In terms of weapons, players have access to more than just their trusty katana. The player’s left-hand does more than just shoot grappling hooks, as it also boasts a variety of additional prosthetics. These include shuriken throwing, a heavy axe attack, and a blast of fire not unlike Geralt’s Igni sign from The Witcher 3.
I experimented with these prosthetics but they had limited uses. Using any of these prosthetics will use up white spirit emblems, which fortunately are often dropped by defeated enemies.
Imagine my surprise when my katana caught on flames and inflicted more damage when I attacked with my katana immediately after unleashing that prosthetic fire attack. I’m sure the other prosthetics have their own unique combos and follow-up attacks too but I ran out of white spirit emblems to test them.
The main highlight of the Sekiro: Shadows Die Twice demo was the boss fight with the Corrupted Monk. However, had I not managed to defeat him, I might be thinking differently now. It took me many frustrating tries, and I genuinely lost count of the times I had to experience the death screen.
By the time I finally memorized the boss’ attack patterns and movements, I was already running empty on prosthetics and item debuffs. I had to fight this boss with only my katana, my wits, and my reflexes.
The Corrupted Monk had three health bars, not to mention a long-ass posture bar. I had to resort to carefully dodging his attacks and sneaking a few hits to fill up that posture bar in order to deliver the finishing move. Every finishing move I did against her only removed one health bar, so I had to grit my teeth and try not to make mistakes.
Unfortunately, every once in a while the Corrupted Monk will initiate a phase where she becomes invincible by summoning a fog and illusions that attack me. Just like Marvel’s Spider-Man, the key to surviving this was to keep moving and not stay in one place. In Sekiro, that means flitting from one branch to another while evading attacks from smoke illusions in a fog.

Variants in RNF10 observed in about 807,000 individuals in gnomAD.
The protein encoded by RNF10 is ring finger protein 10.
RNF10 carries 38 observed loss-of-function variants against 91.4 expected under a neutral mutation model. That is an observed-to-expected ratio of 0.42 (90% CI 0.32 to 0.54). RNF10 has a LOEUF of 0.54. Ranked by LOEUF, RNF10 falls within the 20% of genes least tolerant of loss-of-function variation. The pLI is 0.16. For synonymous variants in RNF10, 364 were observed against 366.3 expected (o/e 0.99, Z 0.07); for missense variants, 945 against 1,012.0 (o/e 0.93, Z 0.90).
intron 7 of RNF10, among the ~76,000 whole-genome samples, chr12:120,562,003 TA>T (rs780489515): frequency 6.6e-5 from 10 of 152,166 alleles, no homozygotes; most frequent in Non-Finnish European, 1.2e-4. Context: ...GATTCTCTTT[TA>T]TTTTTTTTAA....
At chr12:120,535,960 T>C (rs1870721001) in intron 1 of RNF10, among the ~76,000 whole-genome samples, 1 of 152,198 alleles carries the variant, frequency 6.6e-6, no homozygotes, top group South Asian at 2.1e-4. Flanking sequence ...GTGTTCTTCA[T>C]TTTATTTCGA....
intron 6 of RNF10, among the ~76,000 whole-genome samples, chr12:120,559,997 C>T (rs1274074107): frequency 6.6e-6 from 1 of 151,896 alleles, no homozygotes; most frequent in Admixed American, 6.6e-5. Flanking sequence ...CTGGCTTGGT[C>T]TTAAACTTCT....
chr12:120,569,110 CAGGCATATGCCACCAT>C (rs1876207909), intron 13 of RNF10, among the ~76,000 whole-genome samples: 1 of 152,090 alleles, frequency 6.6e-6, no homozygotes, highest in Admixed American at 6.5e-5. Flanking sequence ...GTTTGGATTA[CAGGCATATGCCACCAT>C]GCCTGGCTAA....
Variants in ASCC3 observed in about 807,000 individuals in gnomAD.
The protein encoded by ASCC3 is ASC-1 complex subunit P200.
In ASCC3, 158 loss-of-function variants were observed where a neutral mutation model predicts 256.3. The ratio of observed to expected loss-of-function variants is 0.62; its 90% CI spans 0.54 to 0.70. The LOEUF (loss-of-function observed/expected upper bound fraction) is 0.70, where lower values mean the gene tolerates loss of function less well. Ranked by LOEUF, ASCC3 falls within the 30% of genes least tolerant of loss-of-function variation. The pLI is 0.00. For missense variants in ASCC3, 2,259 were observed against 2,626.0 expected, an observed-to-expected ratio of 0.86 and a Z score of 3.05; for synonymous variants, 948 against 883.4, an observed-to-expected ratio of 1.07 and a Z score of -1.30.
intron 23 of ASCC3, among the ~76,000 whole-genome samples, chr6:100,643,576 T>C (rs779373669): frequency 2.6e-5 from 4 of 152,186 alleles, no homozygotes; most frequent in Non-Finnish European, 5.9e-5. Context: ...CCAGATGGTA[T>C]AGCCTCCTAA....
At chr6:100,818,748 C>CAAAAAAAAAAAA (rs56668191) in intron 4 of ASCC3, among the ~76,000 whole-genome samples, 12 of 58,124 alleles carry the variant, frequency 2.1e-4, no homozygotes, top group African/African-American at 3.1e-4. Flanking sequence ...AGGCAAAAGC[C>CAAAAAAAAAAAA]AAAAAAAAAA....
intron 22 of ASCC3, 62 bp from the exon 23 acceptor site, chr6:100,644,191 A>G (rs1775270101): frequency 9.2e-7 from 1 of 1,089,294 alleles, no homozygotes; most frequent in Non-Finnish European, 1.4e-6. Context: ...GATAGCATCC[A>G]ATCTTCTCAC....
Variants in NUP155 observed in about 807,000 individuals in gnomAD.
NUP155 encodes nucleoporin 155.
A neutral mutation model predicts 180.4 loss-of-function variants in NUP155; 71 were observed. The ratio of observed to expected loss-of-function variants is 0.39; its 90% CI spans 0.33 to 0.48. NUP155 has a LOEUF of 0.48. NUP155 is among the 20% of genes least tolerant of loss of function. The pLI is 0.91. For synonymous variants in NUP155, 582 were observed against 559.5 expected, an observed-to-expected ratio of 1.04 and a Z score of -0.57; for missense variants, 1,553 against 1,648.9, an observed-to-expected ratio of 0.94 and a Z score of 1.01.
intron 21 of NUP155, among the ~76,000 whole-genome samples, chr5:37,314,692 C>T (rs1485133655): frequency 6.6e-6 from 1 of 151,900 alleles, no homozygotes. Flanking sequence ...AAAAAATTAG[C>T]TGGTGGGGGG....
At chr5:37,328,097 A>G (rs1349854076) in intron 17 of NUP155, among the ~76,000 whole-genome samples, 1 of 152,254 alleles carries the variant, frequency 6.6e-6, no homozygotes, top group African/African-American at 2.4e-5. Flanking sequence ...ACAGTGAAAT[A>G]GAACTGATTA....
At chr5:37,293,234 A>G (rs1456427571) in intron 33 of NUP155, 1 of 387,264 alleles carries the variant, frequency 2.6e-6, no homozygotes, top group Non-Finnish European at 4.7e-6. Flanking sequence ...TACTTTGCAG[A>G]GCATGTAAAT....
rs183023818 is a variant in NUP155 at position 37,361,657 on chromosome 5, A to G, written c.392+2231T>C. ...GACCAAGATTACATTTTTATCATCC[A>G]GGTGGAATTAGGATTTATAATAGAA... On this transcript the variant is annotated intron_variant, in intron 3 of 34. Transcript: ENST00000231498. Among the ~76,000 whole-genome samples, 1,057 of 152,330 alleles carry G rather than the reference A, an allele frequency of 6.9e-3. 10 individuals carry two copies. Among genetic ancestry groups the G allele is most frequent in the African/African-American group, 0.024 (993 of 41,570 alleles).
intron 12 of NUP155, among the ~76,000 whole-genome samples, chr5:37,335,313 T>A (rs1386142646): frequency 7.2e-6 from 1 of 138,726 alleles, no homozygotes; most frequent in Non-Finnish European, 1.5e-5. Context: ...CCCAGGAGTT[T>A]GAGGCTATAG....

By the time I defeated the Corrupted Monk, it was 4pm and I found myself alone in the Sekiro: Shadows Die Twice booth. Every other games journalist and media person had gone home, and I might have been one of the few (or the only one) to complete the demo that day. I was glad that I persevered and improved my skills in the span of only a few hours.
I realized then, that this feeling of utter satisfaction and relief -plus the adrenaline- was probably what Dark Souls and Bloodborne players feel too when they overcome the game’s punishing gameplay.
Before this, I would have said that the odds of me playing Sekiro: Shadows Die Twice would be slim to none. After experiencing the demo numerous times, I’m sold. Not only will I buy the game when it releases, but I might even get into the Soulsborne games.
Sekiro Shadows Die Twice is slated to release for PS4, Xbox One and PC on March 22, 2019. In the meantime, check out gameplay footage of the very same demo I experienced below.